2. Originating goods issue

General Note 12, HTSUS, incorporates Article 401 of NAFTA into the HTSUS. General Note 12(a)(i) provides, in pertinent part:

(i) Goods that originate in the territory of a NAFTA party under the terms of subdivision (b) of this note and that qualify to be marked as goods of Canada under the terms of the marking rules set forth in regulations issued by the Secretary of the Treasury (without regard to whether the goods are marked), when such goods are imported into the customs territory of the United States and are entered under a subheading for which a rate of duty appears in the “Special” subcolumn followed by the symbol “CA” in parentheses, are eligible for such duty rate, in accordance with section 201 of the NAFTA Implementation Act.

Accordingly, the mushrooms will be eligible for the “Special” “CA” rate of duty provided they are NAFTA “originating” goods under General Note 12(b), HTSUS, and qualify to be marked as a product of Canada under the marking rules. General Note 12(b), HTSUS, provides, in pertinent part:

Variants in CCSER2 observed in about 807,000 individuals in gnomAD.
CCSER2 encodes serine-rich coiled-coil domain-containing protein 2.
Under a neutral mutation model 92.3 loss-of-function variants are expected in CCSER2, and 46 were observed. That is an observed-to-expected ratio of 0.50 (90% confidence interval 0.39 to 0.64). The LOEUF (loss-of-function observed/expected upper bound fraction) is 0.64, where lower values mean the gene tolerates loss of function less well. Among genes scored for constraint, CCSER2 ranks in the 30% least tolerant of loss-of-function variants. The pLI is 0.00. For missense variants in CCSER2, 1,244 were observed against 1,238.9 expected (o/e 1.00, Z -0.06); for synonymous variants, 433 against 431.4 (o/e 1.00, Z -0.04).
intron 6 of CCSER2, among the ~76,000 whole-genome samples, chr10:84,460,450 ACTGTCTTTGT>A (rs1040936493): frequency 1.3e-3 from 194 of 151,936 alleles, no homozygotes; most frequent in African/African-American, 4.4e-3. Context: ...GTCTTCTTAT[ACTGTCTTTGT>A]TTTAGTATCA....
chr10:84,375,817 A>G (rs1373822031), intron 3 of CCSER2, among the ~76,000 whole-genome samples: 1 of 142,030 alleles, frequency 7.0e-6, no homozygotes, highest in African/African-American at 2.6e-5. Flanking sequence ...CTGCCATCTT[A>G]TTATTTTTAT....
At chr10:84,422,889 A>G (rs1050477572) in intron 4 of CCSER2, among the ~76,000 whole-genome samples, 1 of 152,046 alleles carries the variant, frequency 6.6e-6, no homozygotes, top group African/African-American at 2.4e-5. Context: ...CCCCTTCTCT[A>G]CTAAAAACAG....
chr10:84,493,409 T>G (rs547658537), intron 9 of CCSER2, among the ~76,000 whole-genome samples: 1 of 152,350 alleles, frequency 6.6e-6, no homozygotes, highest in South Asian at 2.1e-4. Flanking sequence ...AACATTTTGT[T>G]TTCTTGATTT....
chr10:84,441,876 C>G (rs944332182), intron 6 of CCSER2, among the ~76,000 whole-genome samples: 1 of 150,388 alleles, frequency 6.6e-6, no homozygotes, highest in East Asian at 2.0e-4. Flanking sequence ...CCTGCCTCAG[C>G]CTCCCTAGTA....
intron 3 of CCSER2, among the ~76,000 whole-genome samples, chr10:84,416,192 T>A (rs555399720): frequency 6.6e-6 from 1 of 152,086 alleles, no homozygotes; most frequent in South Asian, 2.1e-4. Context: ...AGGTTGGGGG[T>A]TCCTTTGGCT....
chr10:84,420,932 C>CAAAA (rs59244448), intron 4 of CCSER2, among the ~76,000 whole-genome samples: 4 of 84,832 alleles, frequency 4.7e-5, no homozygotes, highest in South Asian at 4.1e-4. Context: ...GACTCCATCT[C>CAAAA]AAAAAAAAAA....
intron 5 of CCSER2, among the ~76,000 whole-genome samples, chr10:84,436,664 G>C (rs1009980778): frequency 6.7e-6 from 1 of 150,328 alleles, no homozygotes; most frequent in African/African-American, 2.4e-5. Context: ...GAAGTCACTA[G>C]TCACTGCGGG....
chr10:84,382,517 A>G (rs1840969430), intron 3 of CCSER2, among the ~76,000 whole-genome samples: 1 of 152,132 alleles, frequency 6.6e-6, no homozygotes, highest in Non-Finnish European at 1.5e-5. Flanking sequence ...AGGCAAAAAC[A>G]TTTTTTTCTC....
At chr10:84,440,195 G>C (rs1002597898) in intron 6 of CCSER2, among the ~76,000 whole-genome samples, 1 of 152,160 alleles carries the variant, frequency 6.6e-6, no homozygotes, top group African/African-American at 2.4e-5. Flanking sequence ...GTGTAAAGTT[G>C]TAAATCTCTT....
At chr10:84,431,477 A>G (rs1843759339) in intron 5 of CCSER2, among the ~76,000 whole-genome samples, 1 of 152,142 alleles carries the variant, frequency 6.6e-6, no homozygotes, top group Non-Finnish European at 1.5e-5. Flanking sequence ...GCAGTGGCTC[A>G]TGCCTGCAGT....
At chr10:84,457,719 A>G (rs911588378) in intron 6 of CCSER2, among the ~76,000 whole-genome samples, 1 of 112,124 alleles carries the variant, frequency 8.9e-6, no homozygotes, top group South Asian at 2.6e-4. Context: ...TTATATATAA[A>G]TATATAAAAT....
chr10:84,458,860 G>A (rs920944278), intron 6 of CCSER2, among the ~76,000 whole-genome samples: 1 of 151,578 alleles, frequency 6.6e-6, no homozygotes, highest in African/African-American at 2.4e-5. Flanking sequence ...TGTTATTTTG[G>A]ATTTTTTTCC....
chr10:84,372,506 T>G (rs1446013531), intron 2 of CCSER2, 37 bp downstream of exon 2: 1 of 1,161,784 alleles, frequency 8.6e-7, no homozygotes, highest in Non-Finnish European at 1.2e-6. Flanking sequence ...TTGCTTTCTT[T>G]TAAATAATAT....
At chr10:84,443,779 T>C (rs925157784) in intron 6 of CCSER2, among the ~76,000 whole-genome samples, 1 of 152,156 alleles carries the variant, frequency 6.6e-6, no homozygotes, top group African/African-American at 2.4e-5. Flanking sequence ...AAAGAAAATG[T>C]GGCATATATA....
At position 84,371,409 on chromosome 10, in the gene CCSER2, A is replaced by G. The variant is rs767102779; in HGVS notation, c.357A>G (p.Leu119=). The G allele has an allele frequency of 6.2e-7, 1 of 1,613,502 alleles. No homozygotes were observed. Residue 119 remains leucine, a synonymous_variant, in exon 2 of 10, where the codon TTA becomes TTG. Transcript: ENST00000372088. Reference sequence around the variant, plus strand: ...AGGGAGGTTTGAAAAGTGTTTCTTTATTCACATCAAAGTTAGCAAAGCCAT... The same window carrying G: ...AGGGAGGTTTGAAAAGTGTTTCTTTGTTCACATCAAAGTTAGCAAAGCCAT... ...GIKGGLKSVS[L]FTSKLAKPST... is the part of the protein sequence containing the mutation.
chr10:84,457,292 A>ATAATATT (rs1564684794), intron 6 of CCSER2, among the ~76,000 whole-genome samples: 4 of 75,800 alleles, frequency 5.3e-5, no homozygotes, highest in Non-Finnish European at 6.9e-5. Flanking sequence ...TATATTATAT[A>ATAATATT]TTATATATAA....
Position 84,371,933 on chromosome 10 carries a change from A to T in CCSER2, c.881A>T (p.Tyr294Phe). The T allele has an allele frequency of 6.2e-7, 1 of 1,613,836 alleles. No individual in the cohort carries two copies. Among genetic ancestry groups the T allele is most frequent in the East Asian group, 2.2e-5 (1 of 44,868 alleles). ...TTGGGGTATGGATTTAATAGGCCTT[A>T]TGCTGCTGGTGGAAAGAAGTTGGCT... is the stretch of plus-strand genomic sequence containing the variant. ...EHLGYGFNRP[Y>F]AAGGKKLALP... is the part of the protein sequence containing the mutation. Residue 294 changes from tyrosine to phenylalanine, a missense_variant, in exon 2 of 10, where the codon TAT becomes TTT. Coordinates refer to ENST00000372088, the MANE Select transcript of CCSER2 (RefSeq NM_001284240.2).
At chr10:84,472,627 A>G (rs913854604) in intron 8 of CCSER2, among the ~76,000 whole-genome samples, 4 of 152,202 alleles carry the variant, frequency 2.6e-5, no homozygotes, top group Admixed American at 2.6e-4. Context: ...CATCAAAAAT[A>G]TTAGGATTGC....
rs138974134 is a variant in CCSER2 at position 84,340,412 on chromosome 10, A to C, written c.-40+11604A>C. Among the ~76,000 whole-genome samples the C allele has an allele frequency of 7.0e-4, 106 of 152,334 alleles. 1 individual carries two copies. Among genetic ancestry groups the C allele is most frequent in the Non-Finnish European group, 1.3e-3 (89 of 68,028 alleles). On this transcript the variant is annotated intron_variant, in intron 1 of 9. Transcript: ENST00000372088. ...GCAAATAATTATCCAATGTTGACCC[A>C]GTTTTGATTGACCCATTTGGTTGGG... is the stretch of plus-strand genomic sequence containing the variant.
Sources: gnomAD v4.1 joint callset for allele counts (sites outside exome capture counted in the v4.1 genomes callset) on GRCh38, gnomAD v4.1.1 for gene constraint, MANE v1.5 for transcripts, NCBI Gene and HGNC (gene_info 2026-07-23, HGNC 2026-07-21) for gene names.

For the purposes of this note, goods imported into the customs territory of the United States are eligible for the tariff treatment and quantitative limitations set forth in the tariff schedule as goods originating in the territory of a NAFTA party only if—

(i) they are goods wholly obtained or produced entirely in the territory of Canada, Mexico and /or the United States; or (ii) they have been transformed in the territory of Canada, Mexico and/or the United States so that— (A) except as provided in subdivision (f) of this note, each of the non-originating materials used in the production of such goods undergoes a change in tariff classification described in subdivisions (r), (s) and (t) of this note or the rules set forth therein, or

(B) the goods otherwise satisfy the applicable requirements of subdivisions (r), (s) and (t) where no change in tariff classification is required, and the goods satisfy all other requirements of this note; or

(iii) they are goods produced entirely in the territory of Canada, Mexico and/or the United States exclusively from originating materials.